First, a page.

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What God Would Want for the Christmas?

What God Would Want for the Christmas?

What is the first Christmas you remember?

The first Christmas I remember was when I was four years old. It was also the first time I went to church after being invited by my childhood best friend and her family. I think it was a Christmas Eve event for children, complete with a children’s pageant and nativity scene. I don’t remember all of the details, but I do remember Mary, Joseph and the baby Jesus. Amazingly, I also remember what we sang that night: “Silent Night”. And of course, I remember getting gifts and goodies.

Going to a church on Christmas Eve wasn’t a tradition for my family at that time. Even though there were tons of churches around us in Seoul, South Korea, my dad and his family were strong Buddhists. My mom was a Christian, but she couldn’t go to church or even tell anyone that she wanted to go.  The culture was male dominant and the father’s religion was the primary one to be observed by the family. However, I was able to attend church with my friends during my early childhood, although I didn’t know much about faith until later, when I was in upper elementary school. I remember I started praying for my family’s salvation around that time, especially for my dad and grandma. My mom started sneaking out to the early-morning prayer service each day and because I was an early riser from a very young age, I started following her to the service. As Christmas approached, we would often see beautiful morning stars on very cold, clear winter mornings. I used to ask my mom which star was the one directing the Magi to baby Jesus. She always pointed to the brightest star in the sky and told me that one must have been it.

I still regularly go to the early-morning prayer service and look up at the sky as soon as I get out of the house, just like I remember doing in my childhood. Especially this time of year, the memory becomes more alive when I see bright morning stars.

As we have been learning more about the God of Surprises through this Advent, the idea of God as Emmanuel fills me with wonder. It’s amazing that God would even think of coming down to earth as a baby and being born in a manger in the small town of Bethlehem through a virgin named Mary. But this surprising story doesn’t end with an unexpected birth. As we all know, it leads to the Cross and the even more surprising resurrection. However, I think there is one more surprise that came just before Jesus ascended into heaven. He reminded his disciples that he came to save the world and told them what they needed to do. If I had been one of his disciples, I would have panicked at hearing the great commission: “Go and make disciples of all the nations, baptizing them in the name of the Father and the Son and the Holy Spirit.”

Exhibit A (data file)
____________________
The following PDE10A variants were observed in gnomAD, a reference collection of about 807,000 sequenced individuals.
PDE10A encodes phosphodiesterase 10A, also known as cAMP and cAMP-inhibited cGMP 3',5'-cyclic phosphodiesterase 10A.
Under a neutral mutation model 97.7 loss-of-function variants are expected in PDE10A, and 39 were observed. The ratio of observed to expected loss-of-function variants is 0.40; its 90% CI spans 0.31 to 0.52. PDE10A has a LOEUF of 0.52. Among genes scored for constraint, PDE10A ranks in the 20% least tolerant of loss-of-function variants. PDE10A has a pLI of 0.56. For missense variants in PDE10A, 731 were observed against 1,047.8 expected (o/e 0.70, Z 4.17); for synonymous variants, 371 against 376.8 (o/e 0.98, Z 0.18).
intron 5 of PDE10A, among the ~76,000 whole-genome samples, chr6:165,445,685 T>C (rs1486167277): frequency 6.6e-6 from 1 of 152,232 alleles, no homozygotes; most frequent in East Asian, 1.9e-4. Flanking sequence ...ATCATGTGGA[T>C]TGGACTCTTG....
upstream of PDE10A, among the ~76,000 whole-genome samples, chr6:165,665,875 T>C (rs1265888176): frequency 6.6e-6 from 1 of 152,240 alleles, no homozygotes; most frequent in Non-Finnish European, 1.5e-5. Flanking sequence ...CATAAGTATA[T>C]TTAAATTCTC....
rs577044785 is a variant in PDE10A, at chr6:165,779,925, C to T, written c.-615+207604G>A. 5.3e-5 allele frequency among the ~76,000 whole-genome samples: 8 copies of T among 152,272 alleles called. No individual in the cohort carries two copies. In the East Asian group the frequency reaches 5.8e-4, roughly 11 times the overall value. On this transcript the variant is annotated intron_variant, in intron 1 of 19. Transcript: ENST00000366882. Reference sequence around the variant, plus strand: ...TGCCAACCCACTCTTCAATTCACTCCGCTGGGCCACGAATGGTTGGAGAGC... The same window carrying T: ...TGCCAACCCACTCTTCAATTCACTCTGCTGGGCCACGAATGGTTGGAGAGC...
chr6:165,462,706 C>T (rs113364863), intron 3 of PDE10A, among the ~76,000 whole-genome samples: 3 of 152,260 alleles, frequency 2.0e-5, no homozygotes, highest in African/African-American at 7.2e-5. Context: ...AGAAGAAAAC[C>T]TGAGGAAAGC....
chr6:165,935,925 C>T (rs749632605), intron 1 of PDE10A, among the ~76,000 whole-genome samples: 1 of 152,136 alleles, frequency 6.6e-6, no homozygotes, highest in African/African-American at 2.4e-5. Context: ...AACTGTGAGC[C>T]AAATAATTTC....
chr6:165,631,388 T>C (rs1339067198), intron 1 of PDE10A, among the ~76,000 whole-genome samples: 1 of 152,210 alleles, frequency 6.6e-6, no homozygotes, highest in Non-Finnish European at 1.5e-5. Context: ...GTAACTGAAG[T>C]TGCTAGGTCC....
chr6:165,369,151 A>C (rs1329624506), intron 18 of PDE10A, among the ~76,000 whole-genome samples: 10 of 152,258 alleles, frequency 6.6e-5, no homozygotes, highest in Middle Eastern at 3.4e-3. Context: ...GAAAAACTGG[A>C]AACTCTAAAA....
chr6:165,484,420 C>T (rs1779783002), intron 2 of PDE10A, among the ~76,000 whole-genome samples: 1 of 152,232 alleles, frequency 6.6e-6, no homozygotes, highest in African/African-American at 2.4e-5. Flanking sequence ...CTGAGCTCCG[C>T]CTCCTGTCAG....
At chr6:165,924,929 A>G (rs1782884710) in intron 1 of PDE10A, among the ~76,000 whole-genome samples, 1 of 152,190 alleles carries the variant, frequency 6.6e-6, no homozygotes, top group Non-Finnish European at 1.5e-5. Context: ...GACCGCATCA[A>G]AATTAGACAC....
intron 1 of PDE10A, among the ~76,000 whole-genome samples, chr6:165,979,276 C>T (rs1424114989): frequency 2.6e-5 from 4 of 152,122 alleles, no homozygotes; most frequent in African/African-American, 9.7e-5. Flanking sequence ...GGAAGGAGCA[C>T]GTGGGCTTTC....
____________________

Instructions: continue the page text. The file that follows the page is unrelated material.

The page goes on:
Because the disciples were all Jews who didn’t associate much with gentiles and because they also grew up in local, small towns, they must have been shocked and maybe even a little frightened at the thought of doing what Jesus was asking. What would the great commission mean for them?  What exactly was Jesus talking about when he said “all nations”? They didn’t have a globe or map of the world. But they all accepted the great commission, as evidenced in the book of Acts. And because the disciples obeyed, the Holy Spirit opened doors and expanded their vision and understanding of all nations. What if they hadn’t obeyed Jesus? Perhaps I would have never heard about Jesus in Seoul, South Korea.

Between today’s media and the Internet, we live in the most connected era of all time. Our physical view of all nations is truly global. However, I feel that our hearts’ view of all nations has rather shrunk. Even though I get news from all over the world from my tiny laptop, I hardly feel for any of the people I hear about, even those in my own country. Especially in the busy hustle and bustle of Christmas, I hardly think of anything other than my church, family and friends (and if there is any wiggle room, maybe my neighbors).

When I was preparing last summer for this year’s Christmas cantata, God strongly reminded me what truly needs to be celebrated. Jesus came to earth to save the world. John 3:16 clearly tells us that, “For this is how God loved the world: He gave his one and only Son, so that everyone who believes in him will not perish but have eternal life.” Have you thought about what God really wants for Christmas? I have, and I truly believe that he wants all of us who live on earth to have a relationship with him, calling him Father through the salvation in Christ Jesus.

I pray that this year’s Christmas cantata worship services will help open our hearts to receive the meaning of Christ’s humble birth. You will hear carols from all over the world. I would like to invite you all to be a part of this celebration and to invite your neighbors, particularly those from countries where Christianity is not the primary religion. I also want to encourage you to go beyond the invitation and open your eyes to see who they really are. Who knows if there is another Yoon for whom this could be the first Christmas experience and who will grow in faith through this simple invitation? This could be our first step in following the Great Commission.

About Yoon Nam

Yoon Nam is the director of traditional music at Floris UMC. She has a Doctorate along with two Master's degrees in Choral Conducting and Vocal Performance. Yoon enjoys spending time with her two daughters, Christine and Joanne.

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